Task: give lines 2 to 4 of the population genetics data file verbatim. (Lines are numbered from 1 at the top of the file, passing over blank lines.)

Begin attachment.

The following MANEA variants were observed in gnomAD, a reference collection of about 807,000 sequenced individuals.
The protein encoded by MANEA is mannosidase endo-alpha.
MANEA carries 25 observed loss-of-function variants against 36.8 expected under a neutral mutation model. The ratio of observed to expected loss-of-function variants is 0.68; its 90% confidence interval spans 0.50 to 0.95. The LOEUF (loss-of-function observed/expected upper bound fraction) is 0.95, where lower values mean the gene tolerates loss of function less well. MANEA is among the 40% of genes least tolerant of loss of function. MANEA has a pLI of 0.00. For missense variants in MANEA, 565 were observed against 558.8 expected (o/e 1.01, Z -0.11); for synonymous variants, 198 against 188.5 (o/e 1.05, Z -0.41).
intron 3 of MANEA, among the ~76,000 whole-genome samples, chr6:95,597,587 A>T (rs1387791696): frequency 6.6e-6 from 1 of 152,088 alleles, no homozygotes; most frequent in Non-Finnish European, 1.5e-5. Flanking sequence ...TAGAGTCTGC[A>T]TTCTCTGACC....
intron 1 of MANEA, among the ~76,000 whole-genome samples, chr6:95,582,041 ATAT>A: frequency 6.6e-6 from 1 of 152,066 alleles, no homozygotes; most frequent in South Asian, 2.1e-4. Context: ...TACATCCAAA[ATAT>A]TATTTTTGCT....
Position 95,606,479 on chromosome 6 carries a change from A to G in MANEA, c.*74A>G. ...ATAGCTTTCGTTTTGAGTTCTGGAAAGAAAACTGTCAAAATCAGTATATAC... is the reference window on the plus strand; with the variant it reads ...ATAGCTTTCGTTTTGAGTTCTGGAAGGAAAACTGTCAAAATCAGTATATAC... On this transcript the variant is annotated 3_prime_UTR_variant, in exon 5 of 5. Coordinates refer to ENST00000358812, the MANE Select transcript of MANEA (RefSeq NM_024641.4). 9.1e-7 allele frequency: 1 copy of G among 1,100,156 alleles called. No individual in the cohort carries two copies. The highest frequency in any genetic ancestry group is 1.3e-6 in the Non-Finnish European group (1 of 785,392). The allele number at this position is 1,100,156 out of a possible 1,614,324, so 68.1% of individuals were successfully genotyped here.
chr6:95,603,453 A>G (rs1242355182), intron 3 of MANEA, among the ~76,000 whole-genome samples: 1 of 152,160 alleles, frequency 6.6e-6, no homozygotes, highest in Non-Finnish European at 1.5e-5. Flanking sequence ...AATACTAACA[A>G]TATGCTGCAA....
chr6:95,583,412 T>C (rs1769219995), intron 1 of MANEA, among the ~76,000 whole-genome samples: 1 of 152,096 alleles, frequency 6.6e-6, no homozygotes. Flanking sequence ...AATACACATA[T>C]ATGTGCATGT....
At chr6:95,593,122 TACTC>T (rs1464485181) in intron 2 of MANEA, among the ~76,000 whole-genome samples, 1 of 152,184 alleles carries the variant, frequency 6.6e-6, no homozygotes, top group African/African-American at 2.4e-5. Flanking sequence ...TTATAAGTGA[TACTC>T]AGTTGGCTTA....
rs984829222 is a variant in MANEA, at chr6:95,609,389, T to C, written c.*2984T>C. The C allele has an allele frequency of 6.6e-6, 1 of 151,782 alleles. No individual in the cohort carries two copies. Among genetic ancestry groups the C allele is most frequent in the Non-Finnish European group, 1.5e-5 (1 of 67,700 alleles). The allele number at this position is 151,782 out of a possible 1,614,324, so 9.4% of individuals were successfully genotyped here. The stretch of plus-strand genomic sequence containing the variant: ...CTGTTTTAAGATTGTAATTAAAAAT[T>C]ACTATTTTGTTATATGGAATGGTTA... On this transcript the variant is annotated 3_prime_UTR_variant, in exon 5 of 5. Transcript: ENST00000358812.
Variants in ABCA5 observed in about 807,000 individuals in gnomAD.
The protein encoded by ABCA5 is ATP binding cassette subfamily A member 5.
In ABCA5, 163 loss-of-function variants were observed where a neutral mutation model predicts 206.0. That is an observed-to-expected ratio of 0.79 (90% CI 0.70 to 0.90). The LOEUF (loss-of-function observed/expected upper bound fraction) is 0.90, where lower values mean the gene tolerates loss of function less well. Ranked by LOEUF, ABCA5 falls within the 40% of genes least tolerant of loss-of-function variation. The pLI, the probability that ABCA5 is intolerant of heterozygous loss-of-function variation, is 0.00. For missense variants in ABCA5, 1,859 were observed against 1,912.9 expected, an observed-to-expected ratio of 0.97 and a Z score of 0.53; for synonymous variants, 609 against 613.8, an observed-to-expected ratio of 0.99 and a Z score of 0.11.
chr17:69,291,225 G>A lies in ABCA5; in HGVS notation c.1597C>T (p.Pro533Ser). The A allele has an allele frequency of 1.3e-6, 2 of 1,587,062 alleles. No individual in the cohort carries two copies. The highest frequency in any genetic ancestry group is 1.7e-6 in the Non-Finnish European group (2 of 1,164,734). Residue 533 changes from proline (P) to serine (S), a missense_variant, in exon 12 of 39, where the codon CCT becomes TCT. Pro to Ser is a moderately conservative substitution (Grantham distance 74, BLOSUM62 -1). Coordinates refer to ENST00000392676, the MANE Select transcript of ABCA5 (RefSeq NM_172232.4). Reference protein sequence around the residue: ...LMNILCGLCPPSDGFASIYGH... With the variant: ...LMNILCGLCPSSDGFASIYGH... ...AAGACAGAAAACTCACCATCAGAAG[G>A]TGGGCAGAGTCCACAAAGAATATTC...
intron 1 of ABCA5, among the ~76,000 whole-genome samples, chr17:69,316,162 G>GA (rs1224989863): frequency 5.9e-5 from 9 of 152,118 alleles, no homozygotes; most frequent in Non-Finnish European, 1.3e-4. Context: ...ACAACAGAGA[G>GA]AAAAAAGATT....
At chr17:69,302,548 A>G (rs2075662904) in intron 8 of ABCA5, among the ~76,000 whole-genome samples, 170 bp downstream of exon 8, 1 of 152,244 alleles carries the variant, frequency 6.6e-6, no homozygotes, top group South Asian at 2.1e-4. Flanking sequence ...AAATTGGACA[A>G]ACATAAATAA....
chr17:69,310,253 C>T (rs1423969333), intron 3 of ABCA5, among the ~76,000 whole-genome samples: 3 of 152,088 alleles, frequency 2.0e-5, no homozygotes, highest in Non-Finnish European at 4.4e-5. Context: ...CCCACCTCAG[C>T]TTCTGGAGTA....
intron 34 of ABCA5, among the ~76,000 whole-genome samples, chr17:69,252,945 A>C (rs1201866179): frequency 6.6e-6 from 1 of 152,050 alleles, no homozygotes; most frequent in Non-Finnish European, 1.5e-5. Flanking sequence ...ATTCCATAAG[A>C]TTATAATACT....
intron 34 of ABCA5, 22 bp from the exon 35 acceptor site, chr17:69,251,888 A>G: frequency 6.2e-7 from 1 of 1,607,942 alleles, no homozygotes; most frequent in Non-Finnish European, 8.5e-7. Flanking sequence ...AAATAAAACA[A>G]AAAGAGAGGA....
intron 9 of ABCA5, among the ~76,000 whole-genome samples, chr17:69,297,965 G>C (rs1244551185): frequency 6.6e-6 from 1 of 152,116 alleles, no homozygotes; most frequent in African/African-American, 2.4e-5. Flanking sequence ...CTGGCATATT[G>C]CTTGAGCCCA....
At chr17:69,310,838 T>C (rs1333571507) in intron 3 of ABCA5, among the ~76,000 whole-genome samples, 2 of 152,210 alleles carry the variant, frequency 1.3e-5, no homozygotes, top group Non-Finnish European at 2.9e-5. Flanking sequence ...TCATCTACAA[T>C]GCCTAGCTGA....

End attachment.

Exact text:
The protein encoded by MANEA is mannosidase endo-alpha.
MANEA carries 25 observed loss-of-function variants against 36.8 expected under a neutral mutation model. The ratio of observed to expected loss-of-function variants is 0.68; its 90% confidence interval spans 0.50 to 0.95. The LOEUF (loss-of-function observed/expected upper bound fraction) is 0.95, where lower values mean the gene tolerates loss of function less well. MANEA is among the 40% of genes least tolerant of loss of function. MANEA has a pLI of 0.00. For missense variants in MANEA, 565 were observed against 558.8 expected (o/e 1.01, Z -0.11); for synonymous variants, 198 against 188.5 (o/e 1.05, Z -0.41).
intron 3 of MANEA, among the ~76,000 whole-genome samples, chr6:95,597,587 A>T (rs1387791696): frequency 6.6e-6 from 1 of 152,088 alleles, no homozygotes; most frequent in Non-Finnish European, 1.5e-5. Flanking sequence ...TAGAGTCTGC[A>T]TTCTCTGACC....